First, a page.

Have you ever seen a newborn puppy? A tiny, three-days-out-of-the-womb puppy? If so, you may have noticed that the only way these little blind, deaf quasi-alien creatures can get a sense of the world around them is through their mouths, by suckling and licking their littermates.
The instinct to explore the world by mouth is one that puppies carry with them as they, and their teeth, grow. By around four weeks, the alien-rat-pup has evolved into having big eyes, floppy ears, silky fur and razor-sharp baby teeth. That instinct to put everything in their mouths, though? That sticks around for a while.
Naturally, you might worry about them chewing on your favourite shoes or handbag, but you can take measures to prevent it from happening. These tips that can help you protect your home and your pup at the same time.
Preventing puppy chewing
Puppies can’t tell the difference between a remote control, a shoe, and a toy; in their world, everything is a potential chew toy. They’ll investigate anything lying on the floor or coffee table because there’s no way for them to understand that some items are off-limits.
The best solution is not to try to change your puppy’s instinctual behaviour, but to change your own.
Put away your shoes, keep remote controls on high shelves, and use baby gates liberally to secure areas of the house that haven’t been puppy-proofed. Bonus: your house will be less cluttered … minus the puppy chew toys, treats, blankets, and fur, of course.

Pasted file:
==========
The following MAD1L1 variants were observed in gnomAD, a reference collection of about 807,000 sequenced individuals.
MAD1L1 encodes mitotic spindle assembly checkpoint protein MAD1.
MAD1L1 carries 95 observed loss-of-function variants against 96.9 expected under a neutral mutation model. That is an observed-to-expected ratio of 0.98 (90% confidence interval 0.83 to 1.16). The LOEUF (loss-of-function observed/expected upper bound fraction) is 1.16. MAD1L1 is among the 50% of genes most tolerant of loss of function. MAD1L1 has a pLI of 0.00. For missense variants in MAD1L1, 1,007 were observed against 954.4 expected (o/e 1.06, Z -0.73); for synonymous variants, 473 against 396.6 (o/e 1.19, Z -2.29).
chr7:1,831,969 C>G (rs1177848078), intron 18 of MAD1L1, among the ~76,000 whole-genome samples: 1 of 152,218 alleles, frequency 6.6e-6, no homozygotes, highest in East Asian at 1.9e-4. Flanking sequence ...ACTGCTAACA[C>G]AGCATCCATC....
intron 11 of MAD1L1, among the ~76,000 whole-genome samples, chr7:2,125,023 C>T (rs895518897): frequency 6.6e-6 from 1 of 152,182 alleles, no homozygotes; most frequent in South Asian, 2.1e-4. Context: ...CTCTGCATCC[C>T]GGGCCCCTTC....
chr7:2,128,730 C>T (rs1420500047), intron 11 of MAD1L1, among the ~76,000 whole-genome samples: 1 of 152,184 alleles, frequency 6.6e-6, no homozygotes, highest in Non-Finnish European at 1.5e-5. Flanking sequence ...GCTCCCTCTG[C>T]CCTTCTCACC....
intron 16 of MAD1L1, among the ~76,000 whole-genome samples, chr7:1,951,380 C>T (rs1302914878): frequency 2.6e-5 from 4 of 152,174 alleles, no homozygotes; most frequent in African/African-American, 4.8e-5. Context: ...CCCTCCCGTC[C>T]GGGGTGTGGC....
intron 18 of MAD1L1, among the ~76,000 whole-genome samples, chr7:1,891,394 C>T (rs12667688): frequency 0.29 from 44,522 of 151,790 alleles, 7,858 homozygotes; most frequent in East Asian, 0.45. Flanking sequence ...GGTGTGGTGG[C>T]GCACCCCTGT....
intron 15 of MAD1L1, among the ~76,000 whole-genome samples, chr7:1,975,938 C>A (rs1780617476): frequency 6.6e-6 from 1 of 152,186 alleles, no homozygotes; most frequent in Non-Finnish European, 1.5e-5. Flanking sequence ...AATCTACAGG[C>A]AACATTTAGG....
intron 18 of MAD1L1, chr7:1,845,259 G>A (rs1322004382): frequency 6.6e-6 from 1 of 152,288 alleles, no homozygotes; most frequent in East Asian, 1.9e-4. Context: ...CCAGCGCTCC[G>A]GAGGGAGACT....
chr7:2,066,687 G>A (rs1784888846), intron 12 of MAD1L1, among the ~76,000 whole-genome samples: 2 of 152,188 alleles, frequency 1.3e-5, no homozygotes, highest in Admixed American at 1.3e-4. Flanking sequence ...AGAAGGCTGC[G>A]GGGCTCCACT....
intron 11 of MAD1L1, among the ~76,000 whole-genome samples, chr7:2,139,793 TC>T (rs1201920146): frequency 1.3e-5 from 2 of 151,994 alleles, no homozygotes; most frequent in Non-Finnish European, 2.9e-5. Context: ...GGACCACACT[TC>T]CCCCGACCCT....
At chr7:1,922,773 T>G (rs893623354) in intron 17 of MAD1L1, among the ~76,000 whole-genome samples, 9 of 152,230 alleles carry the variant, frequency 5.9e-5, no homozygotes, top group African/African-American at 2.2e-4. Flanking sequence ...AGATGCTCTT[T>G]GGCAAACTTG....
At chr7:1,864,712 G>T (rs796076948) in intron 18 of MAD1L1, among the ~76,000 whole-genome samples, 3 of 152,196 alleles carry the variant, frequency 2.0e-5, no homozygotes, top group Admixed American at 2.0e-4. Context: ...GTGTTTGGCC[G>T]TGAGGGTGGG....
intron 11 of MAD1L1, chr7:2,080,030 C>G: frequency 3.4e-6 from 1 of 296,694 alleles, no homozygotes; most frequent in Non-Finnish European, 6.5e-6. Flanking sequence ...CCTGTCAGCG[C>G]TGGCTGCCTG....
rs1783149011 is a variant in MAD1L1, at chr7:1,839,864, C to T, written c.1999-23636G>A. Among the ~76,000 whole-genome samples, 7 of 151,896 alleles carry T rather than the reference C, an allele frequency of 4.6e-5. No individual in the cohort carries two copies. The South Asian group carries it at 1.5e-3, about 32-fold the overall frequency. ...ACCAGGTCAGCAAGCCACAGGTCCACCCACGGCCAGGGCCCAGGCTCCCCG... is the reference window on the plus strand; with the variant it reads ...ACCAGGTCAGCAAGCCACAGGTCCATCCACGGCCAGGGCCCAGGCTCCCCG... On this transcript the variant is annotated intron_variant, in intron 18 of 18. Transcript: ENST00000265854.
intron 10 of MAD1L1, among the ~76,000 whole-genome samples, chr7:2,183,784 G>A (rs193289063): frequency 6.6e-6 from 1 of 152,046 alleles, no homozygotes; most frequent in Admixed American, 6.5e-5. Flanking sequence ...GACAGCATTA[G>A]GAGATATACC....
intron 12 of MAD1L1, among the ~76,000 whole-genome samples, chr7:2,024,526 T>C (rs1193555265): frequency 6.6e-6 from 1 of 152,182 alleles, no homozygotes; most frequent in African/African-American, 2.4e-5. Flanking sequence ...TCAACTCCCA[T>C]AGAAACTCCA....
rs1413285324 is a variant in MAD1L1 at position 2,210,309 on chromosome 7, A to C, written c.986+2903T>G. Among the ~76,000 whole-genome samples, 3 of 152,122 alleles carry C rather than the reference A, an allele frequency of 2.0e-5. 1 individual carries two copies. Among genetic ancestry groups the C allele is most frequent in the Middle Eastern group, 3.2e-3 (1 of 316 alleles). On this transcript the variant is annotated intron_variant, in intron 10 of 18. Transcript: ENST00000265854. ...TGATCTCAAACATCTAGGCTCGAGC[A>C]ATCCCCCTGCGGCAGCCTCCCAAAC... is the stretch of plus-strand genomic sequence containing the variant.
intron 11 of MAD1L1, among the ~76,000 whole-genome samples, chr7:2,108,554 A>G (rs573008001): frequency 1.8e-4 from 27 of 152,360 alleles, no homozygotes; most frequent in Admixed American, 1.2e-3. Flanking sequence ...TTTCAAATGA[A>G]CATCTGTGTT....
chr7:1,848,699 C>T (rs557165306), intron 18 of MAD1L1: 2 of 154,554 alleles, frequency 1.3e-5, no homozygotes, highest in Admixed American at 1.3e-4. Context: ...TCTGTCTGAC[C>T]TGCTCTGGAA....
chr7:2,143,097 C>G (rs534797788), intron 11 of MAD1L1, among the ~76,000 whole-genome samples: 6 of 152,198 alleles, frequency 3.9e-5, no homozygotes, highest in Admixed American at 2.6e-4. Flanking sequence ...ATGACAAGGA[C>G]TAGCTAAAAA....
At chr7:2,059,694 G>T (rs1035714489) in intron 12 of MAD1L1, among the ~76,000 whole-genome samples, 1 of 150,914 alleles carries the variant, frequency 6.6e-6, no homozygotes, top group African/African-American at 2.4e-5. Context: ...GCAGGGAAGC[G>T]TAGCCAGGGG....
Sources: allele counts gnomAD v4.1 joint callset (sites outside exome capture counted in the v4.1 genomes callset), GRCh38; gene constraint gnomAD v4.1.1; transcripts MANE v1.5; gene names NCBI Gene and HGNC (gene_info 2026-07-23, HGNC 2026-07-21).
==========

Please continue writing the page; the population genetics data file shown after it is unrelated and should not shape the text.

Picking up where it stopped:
Supervise and redirect chewing
Unfortunately, not everything is portable enough to be kept out of the jaws of puppy-zilla. Some puppies are masters of chewing on furniture that you simply can’t protect.
The key to changing this behaviour is supervision and redirection.
If you know Puppy is irresistibly drawn to your dining room table legs, don’t allow them in the dining room without you watching. One of the ways dogs can learn how to change their behaviour is by being caught in the act and shown a more appropriate alternative.
If you catch your puppy chewing a piece of furniture, let them know “Whoops! That’s not the right thing to do!” and immediately approach them with a chew toy to draw their attention away.
If your puppy isn’t interested in the new option and goes back to the furniture, remove them from the location and offer them the chew toy again. With consistency over time, you will see a change.
Provide appropriate outlets for chewing
Since a puppy is going to chew, give them something appropriate to chew on. Rawhide is a no-no for puppies (and adult dogs, too) because it can too easily pose a choking hazard if your dog snaps off an edge. And if they do manage to swallow some of that broken-off rawhide without choking, your pup may have trouble digesting it.
Instead of rawhide, try offering your puppy a bully stick (sometimes called a pizzle stick) or pig’s ear. These products give your dog the same opportunity to chew but are fully digestible and less likely to have ragged edges if broken.
Puppy doesn’t know they’re doing anything wrong by following their instincts to put everything in their jaws. So if you chase and holler at them when they’ve gotten hold of something “illegal,” they’re likely to think that you’re either joining in the fun or have turned into a scary monster.
Instead of chasing your dog, try trading them a toy for the object. If you need stronger ammo, trade your pup for a piece of cheese or hot dog, or throw several pieces on the ground and remove the object when they’re otherwise occupied.
Through their puppyhood and well into adolescence, your puppy will chew. That’s a fact. But with patience, supervision, redirection, and the right chewing outlets, you will get through this phase!
And thankfully, you’ll get plenty of puppy kisses along the way.